In the fourth quarter of 2015 China’s gross domestic product moderated to 6.8% – its weakest reading since the global financial crisis. For the year overall the country’s GDP was 6.9% which was a marked deceleration from the 7.3% gain during 2014. It was also the weakest growth in 25 years.
As Zacks equity research comments, “the tepid property market and weaker infrastructure investment has contributed to a slowdown in economic growth.”
It’s not hard to see the impact on Western Australia’s mining sector. As Bloomberg reported last week China’s production had its first steel production drop since 1981 falling – 2.3 per cent.
Steel production is a better indicator of economic performance than steel exports which paint a deceiving picture; exports soared in December as the nation worked to sell its glut.
Inbound iron ore shipments are also providing false hope as increased market share by the likes of Rio Tinto and BHP Billiton are indicating oversupply rather than increased demand and doing nothing to improve the price outlook.
Clearly the iron ore producers are hurting from the lack of demand and it’s not expected to get better.
In its steel industry outlook Zacks predicted challenges ahead for iron ore producers.
“Iron ore prices continue to plummet due to the continued slowdown in China, along with a surge in supply,” it said.
“In the next few years a wave of new supply of iron ore is slated to hit the market as the major producers are going gung ho with their expansion plans to augment production capacity. Brazil and India will also step up their exports.”
There are reports, however, that China is increasing steel exports to India which will save some of the drop in demand for iron ore.
It seems as though everyone is talking about the growth of India and its potential to make up the shortfall – at least Federal Minister for Resources Josh Frydenburg is.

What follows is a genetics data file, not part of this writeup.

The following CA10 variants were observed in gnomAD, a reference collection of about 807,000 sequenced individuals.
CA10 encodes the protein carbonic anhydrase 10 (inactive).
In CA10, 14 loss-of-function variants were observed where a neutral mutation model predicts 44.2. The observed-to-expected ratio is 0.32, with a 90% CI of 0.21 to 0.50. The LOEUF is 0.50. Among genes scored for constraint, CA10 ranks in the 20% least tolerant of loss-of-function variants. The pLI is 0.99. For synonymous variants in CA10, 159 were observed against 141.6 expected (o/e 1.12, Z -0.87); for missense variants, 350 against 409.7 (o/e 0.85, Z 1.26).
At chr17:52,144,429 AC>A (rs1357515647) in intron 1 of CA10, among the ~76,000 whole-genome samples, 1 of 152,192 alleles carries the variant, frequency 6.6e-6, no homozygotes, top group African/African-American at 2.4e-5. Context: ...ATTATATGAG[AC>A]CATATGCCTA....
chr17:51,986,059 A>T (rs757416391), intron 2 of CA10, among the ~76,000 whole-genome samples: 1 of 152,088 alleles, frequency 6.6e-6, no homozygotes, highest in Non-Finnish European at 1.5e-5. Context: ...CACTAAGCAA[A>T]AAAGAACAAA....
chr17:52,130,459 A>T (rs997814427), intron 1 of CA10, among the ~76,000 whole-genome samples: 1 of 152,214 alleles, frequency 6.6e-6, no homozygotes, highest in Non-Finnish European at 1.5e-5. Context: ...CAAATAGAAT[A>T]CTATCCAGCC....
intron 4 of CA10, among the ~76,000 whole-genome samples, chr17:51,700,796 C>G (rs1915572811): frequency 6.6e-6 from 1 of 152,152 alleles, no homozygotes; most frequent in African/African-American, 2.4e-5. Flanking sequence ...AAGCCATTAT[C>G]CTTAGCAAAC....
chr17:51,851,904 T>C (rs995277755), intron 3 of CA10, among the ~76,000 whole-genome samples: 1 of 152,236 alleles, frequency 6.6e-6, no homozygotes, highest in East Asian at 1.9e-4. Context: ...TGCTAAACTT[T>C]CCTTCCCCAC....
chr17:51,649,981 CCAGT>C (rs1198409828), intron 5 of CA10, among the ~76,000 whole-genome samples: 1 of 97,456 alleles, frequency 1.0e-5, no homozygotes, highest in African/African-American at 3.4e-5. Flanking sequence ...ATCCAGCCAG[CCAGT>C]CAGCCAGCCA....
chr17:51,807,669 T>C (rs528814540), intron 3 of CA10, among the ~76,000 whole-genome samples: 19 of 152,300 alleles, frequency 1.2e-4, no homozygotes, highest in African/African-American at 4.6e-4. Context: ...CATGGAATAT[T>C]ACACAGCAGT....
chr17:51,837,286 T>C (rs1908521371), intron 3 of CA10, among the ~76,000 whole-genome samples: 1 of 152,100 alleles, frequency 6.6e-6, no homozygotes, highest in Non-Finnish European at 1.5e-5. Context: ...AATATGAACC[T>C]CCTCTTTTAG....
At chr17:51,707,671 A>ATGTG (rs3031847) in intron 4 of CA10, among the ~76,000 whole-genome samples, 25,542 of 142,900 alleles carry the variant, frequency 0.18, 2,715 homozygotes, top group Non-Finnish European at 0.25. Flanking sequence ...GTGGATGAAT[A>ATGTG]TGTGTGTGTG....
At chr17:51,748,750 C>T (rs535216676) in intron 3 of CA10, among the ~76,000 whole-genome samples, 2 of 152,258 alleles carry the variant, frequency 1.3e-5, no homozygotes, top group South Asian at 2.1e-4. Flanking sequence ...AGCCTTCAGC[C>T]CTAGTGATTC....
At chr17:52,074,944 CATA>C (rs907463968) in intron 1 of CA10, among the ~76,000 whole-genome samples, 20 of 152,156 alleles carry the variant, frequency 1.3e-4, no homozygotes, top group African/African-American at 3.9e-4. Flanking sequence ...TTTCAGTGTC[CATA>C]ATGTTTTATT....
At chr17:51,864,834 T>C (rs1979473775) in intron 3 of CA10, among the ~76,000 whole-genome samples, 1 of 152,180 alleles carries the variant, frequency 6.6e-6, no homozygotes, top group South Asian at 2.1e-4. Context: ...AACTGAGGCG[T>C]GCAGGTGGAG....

“Other opportunities in the region, particularly in ASEAN countries, particularly in India, will hopefully meet the hole that has been left by the slowdown in China,” Mr Frydenburg told AAP.
“[India hasn’t] gone through the urbanization and development that China has but under the Modi government they’re very intent on that path.”
The country’s growth forecasts are promising; GDP is expected to grow 7.8% this year and 7.9% in 2017.
But for Western Australia, with its largest export commodity being iron ore, it’s challenging to see exactly where this growth may benefit us.
China is WA’s largest export market accounting for about half of exports, more than two thirds of this came from iron ore. A 37% drop in the price of iron ore resulted in a 25.5% ($14 billion) reduction of value of WA’s iron ore exports to China over 2014-15.
There is much less demand for iron ore from India with the commodity making up only 5.4% of exports in the 2014-15 financial year. India also has its own supply of iron ore.
As Colin Barnett said last year, the opportunity for Western Australia’s overall economy in respect to India is growth in LNG demand.
“The benefits of this will be 10, 15 years away but they’ll be huge and India will have an impact on us like China’s had – maybe not as great as China but It’ll be a great impact,” Barnett said.
For Australia as a whole there is also potential for coal exports to India. Australia’s Office of the Chief Economist predicts coal consumption to more than double on the back of new government policies. Most of the demand is expected to come from new coal-fired generation capacity.
But, again, this demand will have little impact on Western Australia with most of Australia’s coal production coming from Queensland and New South Wales.
There may be potential growth in the supply of non-monetary gold, copper and alumina to India but it certainly won’t make up for dying demand in China.